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‘I felt sick’: Vancouver mayor says handcuffing of Indigenous 12-year-old to be reviewed by police board

The BMO Bank of Montreal logo is seen on the BMO Nova Centre, housing their Atlantic Canadian headquarters and support services, in Halifax on Tuesday, April 2, 2019.
The BMO Bank of Montreal logo is seen on the BMO Nova Centre, housing their Atlantic Canadian headquarters and support services, in Halifax on Tuesday, April 2, 2019. THE CANADIAN PRESS/Andrew Vaughan

Vancouver’s mayor says he “felt sick” when he learned about an Indigenous grandfather and his 12-year-old granddaughter being handcuffed after trying to open a bank account at BMO last month.

Vancouver police have acknowledged the duo did nothing wrong, and police and BMO have both issued statements apologizing for the way the incident was handled.

In its initial statement following the incident BMO said “although there were some mitigating circumstances, they do not excuse the way in which we handled the situation.”

The bank followed up with a another apology saying it deeply regretted the incident, which was “not representative of who we are,” however has yet to accept an on-camera interview.

READ MORE: Indigenous man, 12-year-old granddaughter handcuffed after trying to open account at Vancouver bank

On Monday, Vancouver Mayor Kennedy Stewart said the incident will be reviewed at the next meeting of the police board on Thursday.

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“The board will be provided with a detailed briefing at our next meeting where we will decide next steps, including looking at a full review and understanding the policies and procedures that led to this deeply regrettable situation,” said Stewart in a statement.

“What is clear right now is that no young person doing something as innocent as opening their first bank account should ever be put in this situation.”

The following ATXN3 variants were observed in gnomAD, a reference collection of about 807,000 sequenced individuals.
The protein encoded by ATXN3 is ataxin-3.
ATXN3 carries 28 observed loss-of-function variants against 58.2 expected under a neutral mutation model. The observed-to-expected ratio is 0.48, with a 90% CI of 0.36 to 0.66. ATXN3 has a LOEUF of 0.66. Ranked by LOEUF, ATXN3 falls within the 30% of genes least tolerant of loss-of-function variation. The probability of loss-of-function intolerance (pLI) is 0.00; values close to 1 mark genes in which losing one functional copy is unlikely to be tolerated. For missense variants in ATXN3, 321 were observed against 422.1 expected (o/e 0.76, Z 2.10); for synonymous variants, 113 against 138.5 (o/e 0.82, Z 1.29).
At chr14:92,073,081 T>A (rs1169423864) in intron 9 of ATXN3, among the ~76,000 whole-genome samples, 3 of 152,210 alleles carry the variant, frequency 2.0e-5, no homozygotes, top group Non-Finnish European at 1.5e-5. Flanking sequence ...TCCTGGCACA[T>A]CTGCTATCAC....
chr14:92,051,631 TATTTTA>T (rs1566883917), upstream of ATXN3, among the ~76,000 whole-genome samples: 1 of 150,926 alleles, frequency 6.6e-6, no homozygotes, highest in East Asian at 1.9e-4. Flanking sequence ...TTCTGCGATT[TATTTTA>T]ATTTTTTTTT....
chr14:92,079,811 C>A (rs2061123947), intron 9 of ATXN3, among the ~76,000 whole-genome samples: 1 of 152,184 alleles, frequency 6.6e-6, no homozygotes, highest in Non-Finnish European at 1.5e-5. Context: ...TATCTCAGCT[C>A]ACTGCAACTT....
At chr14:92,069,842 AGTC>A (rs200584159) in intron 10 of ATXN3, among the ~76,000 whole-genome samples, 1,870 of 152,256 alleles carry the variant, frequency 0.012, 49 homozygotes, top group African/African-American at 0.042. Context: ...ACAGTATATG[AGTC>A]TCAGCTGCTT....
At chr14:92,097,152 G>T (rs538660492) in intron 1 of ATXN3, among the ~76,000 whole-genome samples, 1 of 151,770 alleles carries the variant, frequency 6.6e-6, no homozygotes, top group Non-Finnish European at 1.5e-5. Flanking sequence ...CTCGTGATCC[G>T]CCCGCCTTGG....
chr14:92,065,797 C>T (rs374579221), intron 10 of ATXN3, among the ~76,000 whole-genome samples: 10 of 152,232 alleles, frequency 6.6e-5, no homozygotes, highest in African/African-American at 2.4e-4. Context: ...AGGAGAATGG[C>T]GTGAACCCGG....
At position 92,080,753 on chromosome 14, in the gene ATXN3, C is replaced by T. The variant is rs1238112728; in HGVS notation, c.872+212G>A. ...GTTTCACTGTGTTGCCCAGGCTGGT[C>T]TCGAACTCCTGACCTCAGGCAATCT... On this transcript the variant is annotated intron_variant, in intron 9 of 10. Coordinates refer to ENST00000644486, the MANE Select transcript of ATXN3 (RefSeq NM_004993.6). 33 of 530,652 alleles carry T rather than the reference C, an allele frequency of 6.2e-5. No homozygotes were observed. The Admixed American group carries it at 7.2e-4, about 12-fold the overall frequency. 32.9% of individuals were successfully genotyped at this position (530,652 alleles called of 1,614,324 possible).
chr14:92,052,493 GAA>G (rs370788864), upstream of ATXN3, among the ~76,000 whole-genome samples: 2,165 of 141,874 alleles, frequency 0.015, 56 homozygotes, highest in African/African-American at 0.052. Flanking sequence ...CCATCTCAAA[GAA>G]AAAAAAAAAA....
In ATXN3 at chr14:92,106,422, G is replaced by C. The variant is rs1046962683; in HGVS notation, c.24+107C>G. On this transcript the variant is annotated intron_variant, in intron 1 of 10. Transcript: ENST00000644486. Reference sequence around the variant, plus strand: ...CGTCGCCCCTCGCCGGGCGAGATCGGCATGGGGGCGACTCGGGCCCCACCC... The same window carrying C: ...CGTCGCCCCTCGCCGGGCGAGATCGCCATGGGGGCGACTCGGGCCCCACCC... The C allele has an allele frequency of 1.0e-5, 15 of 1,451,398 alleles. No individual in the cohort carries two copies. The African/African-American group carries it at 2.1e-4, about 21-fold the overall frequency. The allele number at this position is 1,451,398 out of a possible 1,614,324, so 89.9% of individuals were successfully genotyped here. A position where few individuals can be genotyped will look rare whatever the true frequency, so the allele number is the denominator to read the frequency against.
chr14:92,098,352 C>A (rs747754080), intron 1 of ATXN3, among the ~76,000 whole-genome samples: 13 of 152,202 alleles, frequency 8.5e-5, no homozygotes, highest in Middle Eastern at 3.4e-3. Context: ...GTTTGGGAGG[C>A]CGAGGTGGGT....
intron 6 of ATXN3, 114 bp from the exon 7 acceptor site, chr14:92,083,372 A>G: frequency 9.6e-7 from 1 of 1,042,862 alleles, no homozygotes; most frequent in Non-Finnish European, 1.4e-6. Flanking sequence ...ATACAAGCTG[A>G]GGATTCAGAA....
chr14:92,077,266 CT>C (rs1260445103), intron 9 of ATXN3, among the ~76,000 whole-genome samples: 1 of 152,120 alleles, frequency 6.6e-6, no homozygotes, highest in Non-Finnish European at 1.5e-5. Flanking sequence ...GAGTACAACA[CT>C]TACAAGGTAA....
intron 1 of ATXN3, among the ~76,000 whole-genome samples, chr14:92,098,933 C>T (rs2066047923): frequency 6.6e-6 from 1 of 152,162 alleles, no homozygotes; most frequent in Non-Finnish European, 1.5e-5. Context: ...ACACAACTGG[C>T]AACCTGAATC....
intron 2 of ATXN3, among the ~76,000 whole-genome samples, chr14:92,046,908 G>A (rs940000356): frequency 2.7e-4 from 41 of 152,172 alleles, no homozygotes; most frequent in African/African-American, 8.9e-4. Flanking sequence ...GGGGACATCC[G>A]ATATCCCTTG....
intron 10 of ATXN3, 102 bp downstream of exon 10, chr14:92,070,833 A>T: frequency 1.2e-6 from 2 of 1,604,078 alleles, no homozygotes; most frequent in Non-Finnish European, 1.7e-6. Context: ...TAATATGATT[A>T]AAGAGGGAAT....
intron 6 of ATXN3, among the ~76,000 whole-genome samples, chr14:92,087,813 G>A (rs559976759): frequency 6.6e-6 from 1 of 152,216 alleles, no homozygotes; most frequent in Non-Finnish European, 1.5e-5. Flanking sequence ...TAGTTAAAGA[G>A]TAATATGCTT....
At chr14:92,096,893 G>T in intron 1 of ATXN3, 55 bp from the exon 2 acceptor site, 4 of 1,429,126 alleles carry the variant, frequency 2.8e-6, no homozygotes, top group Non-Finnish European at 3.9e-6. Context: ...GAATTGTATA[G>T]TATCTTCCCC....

The incident happened on Dec. 20, when Maxwell Johnson of Bella Bella took his granddaughter to the BMO branch on Burrard Street to open her first bank account.

Johnson says he and the girl provided ID, including Indian Status Cards. A BMO employee told him “one or two numbers didn’t add up,” then took the cards out of the office to be verified, he said.

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Instead, the pair were told that there were discrepancies with their status cards, then told to wait in an office. Police arrived not long after, when the duo learned they were being accused of fraud.

BMO demonstrators demand justice for B.C. Indigenous man and girl
BMO demonstrators demand justice for B.C. Indigenous man and girl

The pair were handcuffed and detained while police investigated — eventually determining that no fraud had occurred and apologizing to both of them at the scene.

Vancouver police have since said the bank provided officers with incorrect information in a 911 call reporting a fraud in progress, including describing the pair as South Asian, and the 12-year-old girl as a 16 year old.

READ MORE: Protesters call for action from BMO after Indigenous man, 12-year-old handcuffed in Vancouver

In his statement, Stewart said he and Palmer both feel bad “about how the misleading information provided by BMO staff led the officers who responded to take actions they did.”

Stewart added that Palmer has also “made efforts” to directly contact and apologize to Johnson, and called on the bank to “do right” by the family, “take full responsibility for their actions” and ensure the situation does not happen again.

On Monday, BMO referred to its statements last week and said it would have more to say in the days to come.

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In a statement last Friday, the company said it was working with its Indigenous employee resource group and other Indigenous stakeholders to implement the Truth and Reconciliation Commission’s call to action to improve its corporate activities and policies.

It said it is also setting up an Indigenous Advisory Council in partnership with “several chiefs across Canada.”